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As 2022 draws to a close, what’s ahead for ag commodities in 2023: NAB

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National Australia Bank (NAB), Media Release, 19 December 2022

Despite agricultural commodity prices retreating last month to the same level as November 2021, many Australian producers are seeing their most profitable period in living memory as 2022 draws to a close.

Released on 19 December 2022, NAB’s December Rural Commodities Wrap reports the bank’s Rural Commodities Index* was down 2.6% in November on the back of increasing volatility in livestock and grain markets.

NAB Senior Agribusiness Economist, Phin Ziebell, said while global volatility has continued to increase and some commodities are now facing a more challenging price picture in 2023, overall prices remain well above pre-Covid 19 levels.

“Wheat saw a big run-up coming into spring, but this has now fallen away as markets weigh global geopolitical events, US Dollar weakness, an uncertain supply and stocks picture and – domestically – a big Australian crop. The combination of these factors will see volatility remain high,” Mr Ziebell said.

“Data from the Australian Bureau of Agricultural and Resource Economics and Sciences (ABARES) puts this season’s wheat harvest at the biggest on record, despite devastating flooding across parts of eastern Australia.

“Cattle markets have seen a sharp decline recently as feedlots and processors eased buying in a market with very strong young cattle supply and more challenging US beef conditions. Further volatility likely awaits producers in 2023.

“Another emerging trend worth flagging is the potential for 2023 to be a good deal drier than 2020, 2021 and 2022. As the third La Niña in a row starts to break up, at least as forecast, early next year, conditions will turn to neutral before – according to some models – trending further towards the El Niño side of the ledger.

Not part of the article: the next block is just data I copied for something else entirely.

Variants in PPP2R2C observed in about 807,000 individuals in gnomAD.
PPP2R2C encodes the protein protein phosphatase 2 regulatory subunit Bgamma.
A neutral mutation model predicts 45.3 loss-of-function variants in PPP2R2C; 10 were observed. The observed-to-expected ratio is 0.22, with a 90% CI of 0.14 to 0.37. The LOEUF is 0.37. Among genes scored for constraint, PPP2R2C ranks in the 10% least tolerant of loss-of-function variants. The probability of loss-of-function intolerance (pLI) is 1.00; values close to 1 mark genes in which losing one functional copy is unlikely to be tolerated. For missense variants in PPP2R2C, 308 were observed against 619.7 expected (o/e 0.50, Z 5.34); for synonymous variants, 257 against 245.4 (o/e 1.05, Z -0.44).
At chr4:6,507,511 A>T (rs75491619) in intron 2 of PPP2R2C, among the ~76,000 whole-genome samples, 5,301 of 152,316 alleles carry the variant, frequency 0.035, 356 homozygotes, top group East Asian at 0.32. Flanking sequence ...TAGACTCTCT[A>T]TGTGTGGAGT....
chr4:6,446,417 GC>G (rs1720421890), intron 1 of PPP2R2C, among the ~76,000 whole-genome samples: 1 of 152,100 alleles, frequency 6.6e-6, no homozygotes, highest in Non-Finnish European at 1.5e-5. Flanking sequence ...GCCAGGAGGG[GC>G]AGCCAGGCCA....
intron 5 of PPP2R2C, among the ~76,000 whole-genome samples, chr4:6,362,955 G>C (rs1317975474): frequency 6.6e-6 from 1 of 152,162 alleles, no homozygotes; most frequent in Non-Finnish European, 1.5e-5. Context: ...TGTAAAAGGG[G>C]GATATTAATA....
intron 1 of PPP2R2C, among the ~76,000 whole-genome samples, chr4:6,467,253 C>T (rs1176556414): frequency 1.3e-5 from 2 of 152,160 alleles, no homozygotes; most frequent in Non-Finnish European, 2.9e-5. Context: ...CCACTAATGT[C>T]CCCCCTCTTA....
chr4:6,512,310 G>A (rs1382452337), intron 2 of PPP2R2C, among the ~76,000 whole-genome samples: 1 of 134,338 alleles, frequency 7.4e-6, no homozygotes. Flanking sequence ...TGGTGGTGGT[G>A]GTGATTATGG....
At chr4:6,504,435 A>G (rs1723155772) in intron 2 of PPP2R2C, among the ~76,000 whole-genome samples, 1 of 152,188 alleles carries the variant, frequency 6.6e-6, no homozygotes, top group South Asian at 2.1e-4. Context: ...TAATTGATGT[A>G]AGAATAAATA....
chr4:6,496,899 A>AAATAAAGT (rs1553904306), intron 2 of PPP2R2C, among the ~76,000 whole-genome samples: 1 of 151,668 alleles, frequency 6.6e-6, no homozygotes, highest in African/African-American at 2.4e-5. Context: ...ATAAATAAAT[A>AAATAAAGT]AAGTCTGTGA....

“While this is of course speculative, producers should be prepared for the three-year La Niña anomaly to end sooner rather than later.”

Besides grain and beef cattle, the outlook for other major commodities including sheep, wool, cotton, dairy and sugar, remains mixed heading in 2023.

“Looking at sheep, lamb prices are lower than year-ago levels but have held up well to strong supply,” Mr Ziebell said.

“Volatility is likely to reign in 2023, especially given the challenging global economic outlook. Wool is choppy on account of Chinese Covid-19 policies but is likely to see a drag from the global economy in 2023.

“Cotton prices continue to unwind, with AUD denominated Cotlook A now down into the low-$700/bale range. While last season was a monster and well timed for the price boom, 2023 planting has been much more challenging with the cold and wet spring. On the upside, water storage levels remain excellent.

“For dairy, while the last two global dairy trade auctions were positive, the trend is decidedly downward. This is a headache for Australian processors chasing falling milkflow with high farmgate prices in the $9-$10/kgMS range, but for now, returns remain very strong at a pre-farmgate level.

“Sugar prices are likely to remain elevated, driven by the oil market outlook, combined with supply concerns.”

Turning to farm input prices, NAB is forecasting fertiliser prices will remain elevated across 2023, despite prices being down on their previous peaks. 

Fuel prices remain choppy amid global oil uncertainty. Global gas market challenges are eating into diesel, meaning diesel fuel is likely to stay expensive into 2023.

* The NAB Rural Commodities Index is based on the price and production data for 28 commodities and is weighted by their relative size in Australia’s agricultural sector.


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